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Ashley Brunner

Ashley was born and raised in the Lancaster area and comes from a family involved with Real Estate...

Ashley was born and raised in the Lancaster area and comes from a family involved with Real Estate...

Jun 5 3 minutes read

Some Helpful Tips to Protect You

Very often in today’s Real Estate transaction’s there is a lot of info sent via email.  

 Here is a recent story I was told from a title agent that I would like to share with you:

A Seller signed a deed package and was not present at settlement.  All normal stuff so far, right?  After settlement, the title company received an email from someone whom they believed to be the Seller, instructing them to wire their proceeds to a different account than was previously provided.  The title company proceeded to wire the funds to that account as instructed in the email without calling the Seller to confirm the email request. Long story short, the title company received a phone call from the Seller inquiring about the whereabouts of the money after settlement.  As it turns out, the Seller’s email was “spoofed” and the money was wired to an account that didn’t belong to the Seller and the money is now gone.  It goes without saying that this has created some very serious issues for all involved.   

Here are some helpful tips when working through a real estate transaction or when wiring funds.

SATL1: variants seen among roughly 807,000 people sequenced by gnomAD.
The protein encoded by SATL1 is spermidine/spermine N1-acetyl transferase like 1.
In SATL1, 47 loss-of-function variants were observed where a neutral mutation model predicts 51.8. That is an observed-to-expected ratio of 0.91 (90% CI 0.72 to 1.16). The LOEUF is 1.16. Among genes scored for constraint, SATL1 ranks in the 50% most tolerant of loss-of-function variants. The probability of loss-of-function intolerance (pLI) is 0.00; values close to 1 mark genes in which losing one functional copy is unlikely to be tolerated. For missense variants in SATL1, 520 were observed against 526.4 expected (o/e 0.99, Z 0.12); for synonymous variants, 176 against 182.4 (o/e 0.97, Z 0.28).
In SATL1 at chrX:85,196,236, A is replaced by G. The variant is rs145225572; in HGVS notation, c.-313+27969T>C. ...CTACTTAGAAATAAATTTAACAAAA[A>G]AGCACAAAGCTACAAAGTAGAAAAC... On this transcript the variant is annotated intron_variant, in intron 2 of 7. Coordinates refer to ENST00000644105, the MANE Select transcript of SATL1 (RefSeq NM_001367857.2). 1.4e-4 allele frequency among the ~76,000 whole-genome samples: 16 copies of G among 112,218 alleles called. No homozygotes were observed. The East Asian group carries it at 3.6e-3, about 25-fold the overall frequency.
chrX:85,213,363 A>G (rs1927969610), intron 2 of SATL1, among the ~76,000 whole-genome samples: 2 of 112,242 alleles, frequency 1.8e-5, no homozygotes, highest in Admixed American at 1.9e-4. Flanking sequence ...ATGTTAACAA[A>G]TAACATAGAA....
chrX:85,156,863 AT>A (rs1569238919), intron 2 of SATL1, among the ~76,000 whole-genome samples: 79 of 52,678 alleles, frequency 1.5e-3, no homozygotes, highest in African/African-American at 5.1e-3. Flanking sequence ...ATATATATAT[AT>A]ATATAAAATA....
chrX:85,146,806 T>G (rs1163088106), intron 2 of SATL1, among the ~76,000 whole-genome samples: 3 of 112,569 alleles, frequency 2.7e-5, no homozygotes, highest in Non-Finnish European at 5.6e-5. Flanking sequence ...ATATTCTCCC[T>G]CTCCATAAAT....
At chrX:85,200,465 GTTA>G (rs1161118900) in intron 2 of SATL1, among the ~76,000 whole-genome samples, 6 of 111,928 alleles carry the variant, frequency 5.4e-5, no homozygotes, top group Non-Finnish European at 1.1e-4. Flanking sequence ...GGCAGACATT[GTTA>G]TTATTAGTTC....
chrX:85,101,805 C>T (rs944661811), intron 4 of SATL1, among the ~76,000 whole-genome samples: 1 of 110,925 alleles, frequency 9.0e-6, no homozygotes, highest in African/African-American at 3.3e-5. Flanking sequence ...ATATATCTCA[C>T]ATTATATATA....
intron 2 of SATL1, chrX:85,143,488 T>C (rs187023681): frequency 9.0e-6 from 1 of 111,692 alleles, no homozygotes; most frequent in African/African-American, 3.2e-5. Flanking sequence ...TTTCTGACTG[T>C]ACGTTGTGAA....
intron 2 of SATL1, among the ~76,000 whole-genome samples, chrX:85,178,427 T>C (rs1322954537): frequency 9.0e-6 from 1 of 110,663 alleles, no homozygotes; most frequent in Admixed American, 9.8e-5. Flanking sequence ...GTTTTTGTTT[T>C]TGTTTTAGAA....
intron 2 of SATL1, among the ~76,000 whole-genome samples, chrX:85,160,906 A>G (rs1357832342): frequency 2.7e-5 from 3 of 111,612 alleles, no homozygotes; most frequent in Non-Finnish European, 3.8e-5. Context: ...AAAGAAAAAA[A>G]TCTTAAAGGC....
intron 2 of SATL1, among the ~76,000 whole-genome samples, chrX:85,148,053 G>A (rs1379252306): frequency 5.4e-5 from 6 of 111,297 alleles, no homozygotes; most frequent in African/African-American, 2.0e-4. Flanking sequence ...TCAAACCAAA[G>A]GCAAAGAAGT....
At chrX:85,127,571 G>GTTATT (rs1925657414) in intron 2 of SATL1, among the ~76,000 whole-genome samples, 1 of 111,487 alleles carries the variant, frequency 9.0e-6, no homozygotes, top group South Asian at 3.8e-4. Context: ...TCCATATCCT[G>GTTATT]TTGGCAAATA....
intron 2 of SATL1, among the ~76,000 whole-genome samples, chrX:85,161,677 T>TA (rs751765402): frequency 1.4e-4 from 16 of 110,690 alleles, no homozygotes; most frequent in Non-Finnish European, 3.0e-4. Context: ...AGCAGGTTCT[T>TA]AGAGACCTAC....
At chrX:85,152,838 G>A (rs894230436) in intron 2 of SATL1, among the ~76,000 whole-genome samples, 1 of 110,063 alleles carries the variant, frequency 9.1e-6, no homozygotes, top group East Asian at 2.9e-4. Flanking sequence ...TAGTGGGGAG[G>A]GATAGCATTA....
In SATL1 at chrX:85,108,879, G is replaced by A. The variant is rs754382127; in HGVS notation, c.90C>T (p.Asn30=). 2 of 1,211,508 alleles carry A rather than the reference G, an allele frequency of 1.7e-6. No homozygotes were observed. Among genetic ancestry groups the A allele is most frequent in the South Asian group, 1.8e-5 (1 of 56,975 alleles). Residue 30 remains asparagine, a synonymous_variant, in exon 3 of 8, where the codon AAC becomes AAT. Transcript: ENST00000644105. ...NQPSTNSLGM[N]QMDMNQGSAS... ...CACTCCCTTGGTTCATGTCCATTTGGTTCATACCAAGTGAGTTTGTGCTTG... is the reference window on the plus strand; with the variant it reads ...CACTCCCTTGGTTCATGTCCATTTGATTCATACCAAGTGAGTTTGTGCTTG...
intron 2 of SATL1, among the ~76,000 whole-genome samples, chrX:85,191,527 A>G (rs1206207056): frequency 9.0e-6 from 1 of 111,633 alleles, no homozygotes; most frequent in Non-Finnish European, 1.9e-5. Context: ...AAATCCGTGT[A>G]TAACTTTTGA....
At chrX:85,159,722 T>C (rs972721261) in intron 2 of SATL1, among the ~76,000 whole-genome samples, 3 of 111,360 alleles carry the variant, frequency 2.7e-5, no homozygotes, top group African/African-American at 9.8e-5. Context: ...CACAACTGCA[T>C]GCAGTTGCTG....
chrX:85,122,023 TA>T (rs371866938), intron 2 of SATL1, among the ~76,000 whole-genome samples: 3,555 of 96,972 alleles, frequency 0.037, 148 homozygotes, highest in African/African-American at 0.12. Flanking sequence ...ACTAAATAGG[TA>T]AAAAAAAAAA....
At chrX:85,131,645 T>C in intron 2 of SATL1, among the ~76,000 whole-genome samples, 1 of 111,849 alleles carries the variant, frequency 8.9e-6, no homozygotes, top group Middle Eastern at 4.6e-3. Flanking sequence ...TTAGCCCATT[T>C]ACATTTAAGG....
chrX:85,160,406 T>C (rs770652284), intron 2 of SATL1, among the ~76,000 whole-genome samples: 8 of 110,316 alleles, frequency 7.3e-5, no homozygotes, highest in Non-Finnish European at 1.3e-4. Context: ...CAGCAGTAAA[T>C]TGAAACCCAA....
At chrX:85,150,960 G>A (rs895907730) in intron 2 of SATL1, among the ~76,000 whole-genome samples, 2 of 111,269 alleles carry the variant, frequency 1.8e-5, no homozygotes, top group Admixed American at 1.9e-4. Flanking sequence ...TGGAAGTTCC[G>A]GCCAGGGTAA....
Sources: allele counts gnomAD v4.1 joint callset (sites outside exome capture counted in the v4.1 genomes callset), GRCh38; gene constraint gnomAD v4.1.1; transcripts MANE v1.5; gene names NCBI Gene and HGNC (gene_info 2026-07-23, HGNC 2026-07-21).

DONOT AGREE to requests to forward wire instructions to other parties (or their brokers). 

BEVERY SUSPICIOUS of emails with purportedly updated, revised, or corrected wiring instructions.  It is extremely rare that a lawyer or title agent will change wire instructions during the course ofa transaction.

PERSONALLY CALL the party who sent the instructions to confirm the ABA routing number or SWIFT code and the credit account number, but do not use the number provided in the sender’s email.  A hacker may have inserted a fraudulent telephone number in the email.  Use only phone numbers that you have called before or can otherwise verify. 

MAKE SURE you are not sending or requesting sensitive financial information in emails (e.g., Social Security numbers, bank accounts, credit card numbers, wiring instructions).Also, use strong passwords (e.g., 8 characters including both letters and numbers, nothing obvious) and periodically change your passwords.

DON’T open attachments or click on links from unfamiliar sources because they could contain malware or be a phishing scheme which once opened allows a hacker the same access that you have to your computer and accounts.

We advise all of our clients to personally verify all information and when dealing with a title company all information pass through us first.  Part of our job is to protect our clients from issues.  

Please call 717.735.1323 to ask any questions or to talk with one of our Realtors.  We pride ourselves on always being available and being of help.  

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